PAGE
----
This is a guest post by Stephanie Leutert, a research associate here at the Council on Foreign Relations who works with me in the Latin America program.
In recent years, Venezuela’s president Nicolas Maduro has played a leading role in crafting some of his country’s best known foreign policy and regional integration initiatives. Serving as Hugo Chávez’s foreign minister from 2006 to 2012, Maduro made a name for himself in the foreign policy world through his more radical policy (toward states such as Syria, Iran, and Libya) and at times, more pragmatic approach (especially toward Colombia). But in his role as president, Maduro’s foreign policy agenda has diminished, and will likely stay that way as long as his capacity to project abroad is limited by the turmoil at home.
From the beginning Maduro has struggled to gain his political footing. Unlike Chávez—who won his elections by landslides—Maduro entered office with both a slim majority and the din of cacerolazos (pot-banging protests). Soon after, he faced an opposition leader defiantly meeting with Colombia’s president, the voting dead scandal, and a leaked recording revealing his party’s infighting and corruption. While these types of political scandals and rivalries are nothing new in Venezuela, Chávez quickly put out the fires through a combination of charisma, public popularity, a network of political appointees, and strong military ties—all of which, to varying degrees, Maduro lacks.
Perhaps even worse for Maduro is his responsibility to keep Venezuela’s troubled economy afloat. Nearly complete focus on the country’s oil resources (making up a full 97 percent of exports) combined with widespread mismanagement across key sectors has affected average Venezuelans. Electricity and food shortages are common (one of every five basic goods is considered scarce) and the inflation rate hovers between 20 and 35 percent (even hitting 42 percent earlier this month). The crisis has already threatened Maduro’s approval ratings, ensuring that the country’s economy (and not foreign policy) will receive the lion’s share of his attention.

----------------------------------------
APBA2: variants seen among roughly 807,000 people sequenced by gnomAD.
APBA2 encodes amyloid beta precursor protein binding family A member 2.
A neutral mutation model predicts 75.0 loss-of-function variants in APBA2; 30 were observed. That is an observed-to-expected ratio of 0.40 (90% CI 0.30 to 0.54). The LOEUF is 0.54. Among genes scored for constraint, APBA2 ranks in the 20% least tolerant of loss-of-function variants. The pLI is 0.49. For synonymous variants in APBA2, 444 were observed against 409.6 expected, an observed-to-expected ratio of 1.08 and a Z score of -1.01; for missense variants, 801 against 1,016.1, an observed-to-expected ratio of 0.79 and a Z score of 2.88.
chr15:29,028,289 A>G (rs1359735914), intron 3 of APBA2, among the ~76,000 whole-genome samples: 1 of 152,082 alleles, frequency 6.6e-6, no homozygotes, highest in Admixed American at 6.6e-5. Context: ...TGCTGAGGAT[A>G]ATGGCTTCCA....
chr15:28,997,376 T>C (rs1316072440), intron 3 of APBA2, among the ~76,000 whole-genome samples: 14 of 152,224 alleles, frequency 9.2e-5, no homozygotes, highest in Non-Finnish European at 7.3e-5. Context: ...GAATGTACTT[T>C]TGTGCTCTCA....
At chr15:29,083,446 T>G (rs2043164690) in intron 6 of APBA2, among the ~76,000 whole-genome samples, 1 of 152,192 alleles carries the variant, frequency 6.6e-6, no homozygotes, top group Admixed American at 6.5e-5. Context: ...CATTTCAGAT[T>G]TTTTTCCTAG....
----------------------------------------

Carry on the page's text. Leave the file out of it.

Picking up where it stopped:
To top it off, Venezuela’s “twenty-first century socialism model” that was promoted across the hemisphere is also becoming a tougher sell. The state-based model has been losing regional-integration ground—at least in the public relations realm—to the Pacific Alliance (a free trade agreement between Chile, Colombia, Peru, Mexico, and perhaps soon Costa Rica and Panama). These countries have so far agreed to eliminate 90 percent of tariffs, integrate their stock markets, and encourage more seamless migration, providing an energetic alternative to other regional initiatives. While it is still too early to predict how this newest alliance will fare over the long term, its growing buzz has detracted attention from Venezuela’s preferred models.
This is all not to say that Venezuela’s foreign policy can be counted out—it can’t, especially given the country’s enormous oil reserves, Chávez’s legacy of regional leadership, and Maduro’s willingness to irritate the United States for a few political points. But stabilizing his grasp on power and Venezuela’s economy will dominate Maduro’s agenda. And though efforts to unite Latin American countries through trade and energy will continue, today’s most popular initiatives may not be in the style that Chávez or Maduro would have wished.